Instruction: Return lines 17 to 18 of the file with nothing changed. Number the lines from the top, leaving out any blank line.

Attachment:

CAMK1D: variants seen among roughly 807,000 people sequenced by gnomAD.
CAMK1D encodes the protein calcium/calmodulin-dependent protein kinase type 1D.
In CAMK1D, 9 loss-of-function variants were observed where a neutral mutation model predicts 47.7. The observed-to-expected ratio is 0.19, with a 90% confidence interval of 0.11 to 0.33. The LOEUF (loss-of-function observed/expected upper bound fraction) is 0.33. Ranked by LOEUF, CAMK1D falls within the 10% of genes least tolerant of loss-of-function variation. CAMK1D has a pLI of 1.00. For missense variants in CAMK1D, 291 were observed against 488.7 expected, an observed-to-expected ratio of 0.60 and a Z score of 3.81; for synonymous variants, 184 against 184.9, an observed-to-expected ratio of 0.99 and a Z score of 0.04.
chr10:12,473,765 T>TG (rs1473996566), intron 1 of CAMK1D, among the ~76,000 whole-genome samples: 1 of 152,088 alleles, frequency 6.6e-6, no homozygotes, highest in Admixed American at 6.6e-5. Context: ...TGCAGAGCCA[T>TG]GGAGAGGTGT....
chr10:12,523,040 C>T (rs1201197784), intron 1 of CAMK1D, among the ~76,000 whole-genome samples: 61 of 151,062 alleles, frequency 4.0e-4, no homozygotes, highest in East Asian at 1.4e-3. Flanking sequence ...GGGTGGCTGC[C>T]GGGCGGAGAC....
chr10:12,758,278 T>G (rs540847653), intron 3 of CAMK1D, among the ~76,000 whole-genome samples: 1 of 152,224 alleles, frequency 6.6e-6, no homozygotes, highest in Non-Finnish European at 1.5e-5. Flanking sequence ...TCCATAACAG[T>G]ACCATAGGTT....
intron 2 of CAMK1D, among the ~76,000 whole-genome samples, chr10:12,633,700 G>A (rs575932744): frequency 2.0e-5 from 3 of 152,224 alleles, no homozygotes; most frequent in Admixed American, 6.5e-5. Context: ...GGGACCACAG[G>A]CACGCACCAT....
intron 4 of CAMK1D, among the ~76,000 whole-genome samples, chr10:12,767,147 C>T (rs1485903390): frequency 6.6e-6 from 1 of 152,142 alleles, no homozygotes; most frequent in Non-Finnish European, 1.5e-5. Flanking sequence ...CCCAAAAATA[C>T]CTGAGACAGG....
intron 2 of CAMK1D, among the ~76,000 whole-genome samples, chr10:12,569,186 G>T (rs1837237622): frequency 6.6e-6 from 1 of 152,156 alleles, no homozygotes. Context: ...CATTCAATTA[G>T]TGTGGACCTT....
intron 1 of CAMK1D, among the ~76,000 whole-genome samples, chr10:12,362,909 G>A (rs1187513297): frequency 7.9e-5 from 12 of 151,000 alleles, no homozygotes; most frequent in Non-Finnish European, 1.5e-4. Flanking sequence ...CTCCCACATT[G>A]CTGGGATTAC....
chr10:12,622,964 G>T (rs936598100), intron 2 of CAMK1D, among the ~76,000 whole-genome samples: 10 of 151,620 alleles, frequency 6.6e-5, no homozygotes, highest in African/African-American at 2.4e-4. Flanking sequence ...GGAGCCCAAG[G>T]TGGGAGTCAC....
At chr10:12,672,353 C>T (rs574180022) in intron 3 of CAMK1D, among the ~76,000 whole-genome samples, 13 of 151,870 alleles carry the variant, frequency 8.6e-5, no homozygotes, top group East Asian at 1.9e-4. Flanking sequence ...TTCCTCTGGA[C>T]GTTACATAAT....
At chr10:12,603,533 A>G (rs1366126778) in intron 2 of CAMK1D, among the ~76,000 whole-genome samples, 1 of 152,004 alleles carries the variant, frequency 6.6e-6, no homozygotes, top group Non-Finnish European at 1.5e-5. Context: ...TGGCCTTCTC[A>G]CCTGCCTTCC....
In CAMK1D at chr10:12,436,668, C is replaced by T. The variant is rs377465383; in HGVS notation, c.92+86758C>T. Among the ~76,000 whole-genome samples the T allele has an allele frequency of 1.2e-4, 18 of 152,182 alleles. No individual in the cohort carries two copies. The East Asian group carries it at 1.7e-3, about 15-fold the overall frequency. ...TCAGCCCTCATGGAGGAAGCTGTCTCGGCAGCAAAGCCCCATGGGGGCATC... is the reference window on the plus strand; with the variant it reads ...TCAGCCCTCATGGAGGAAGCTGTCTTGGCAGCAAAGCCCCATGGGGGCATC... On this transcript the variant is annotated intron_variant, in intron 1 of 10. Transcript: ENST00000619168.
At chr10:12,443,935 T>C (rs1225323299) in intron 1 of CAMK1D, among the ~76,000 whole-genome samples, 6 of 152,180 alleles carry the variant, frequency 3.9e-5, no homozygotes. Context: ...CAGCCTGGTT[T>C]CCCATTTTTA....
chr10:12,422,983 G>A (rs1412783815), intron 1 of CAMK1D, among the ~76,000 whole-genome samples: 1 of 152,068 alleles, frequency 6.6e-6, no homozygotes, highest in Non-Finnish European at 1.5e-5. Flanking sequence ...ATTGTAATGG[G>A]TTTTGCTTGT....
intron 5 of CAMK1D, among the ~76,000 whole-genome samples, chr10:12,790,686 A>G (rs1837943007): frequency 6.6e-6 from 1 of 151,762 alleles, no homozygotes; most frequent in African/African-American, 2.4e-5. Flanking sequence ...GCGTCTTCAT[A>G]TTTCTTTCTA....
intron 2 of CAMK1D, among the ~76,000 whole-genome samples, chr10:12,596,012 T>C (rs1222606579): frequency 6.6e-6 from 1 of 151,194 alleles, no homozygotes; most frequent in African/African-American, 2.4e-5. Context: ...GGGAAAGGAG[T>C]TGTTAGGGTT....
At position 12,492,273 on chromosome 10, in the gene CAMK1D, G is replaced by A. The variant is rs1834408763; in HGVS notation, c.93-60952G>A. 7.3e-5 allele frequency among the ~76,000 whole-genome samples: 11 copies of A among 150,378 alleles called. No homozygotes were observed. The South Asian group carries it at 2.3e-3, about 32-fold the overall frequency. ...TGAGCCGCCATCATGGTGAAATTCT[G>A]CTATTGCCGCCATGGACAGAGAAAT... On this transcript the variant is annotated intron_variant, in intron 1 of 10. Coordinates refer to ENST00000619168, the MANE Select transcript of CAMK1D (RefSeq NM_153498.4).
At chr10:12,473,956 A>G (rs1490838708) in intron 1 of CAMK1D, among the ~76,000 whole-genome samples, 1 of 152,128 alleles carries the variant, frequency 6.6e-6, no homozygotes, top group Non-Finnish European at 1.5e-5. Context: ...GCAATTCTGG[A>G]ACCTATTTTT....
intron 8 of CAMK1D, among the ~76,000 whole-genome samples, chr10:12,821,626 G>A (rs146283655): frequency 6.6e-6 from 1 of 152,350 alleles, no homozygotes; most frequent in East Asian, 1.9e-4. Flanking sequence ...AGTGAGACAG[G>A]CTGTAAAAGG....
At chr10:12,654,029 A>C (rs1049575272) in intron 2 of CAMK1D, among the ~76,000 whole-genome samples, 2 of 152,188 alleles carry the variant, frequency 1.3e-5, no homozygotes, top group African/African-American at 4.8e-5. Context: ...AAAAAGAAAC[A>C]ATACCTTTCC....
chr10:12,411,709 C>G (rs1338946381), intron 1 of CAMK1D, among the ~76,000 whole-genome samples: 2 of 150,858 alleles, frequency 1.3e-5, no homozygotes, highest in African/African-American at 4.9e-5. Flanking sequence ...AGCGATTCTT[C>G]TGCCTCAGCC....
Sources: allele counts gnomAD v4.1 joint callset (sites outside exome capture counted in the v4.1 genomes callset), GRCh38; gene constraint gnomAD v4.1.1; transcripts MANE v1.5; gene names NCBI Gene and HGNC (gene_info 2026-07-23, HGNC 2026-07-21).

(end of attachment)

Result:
intron 5 of CAMK1D, among the ~76,000 whole-genome samples, chr10:12,790,686 A>G (rs1837943007): frequency 6.6e-6 from 1 of 151,762 alleles, no homozygotes; most frequent in African/African-American, 2.4e-5. Flanking sequence ...GCGTCTTCAT[A>G]TTTCTTTCTA....
intron 2 of CAMK1D, among the ~76,000 whole-genome samples, chr10:12,596,012 T>C (rs1222606579): frequency 6.6e-6 from 1 of 151,194 alleles, no homozygotes; most frequent in African/African-American, 2.4e-5. Context: ...GGGAAAGGAG[T>C]TGTTAGGGTT....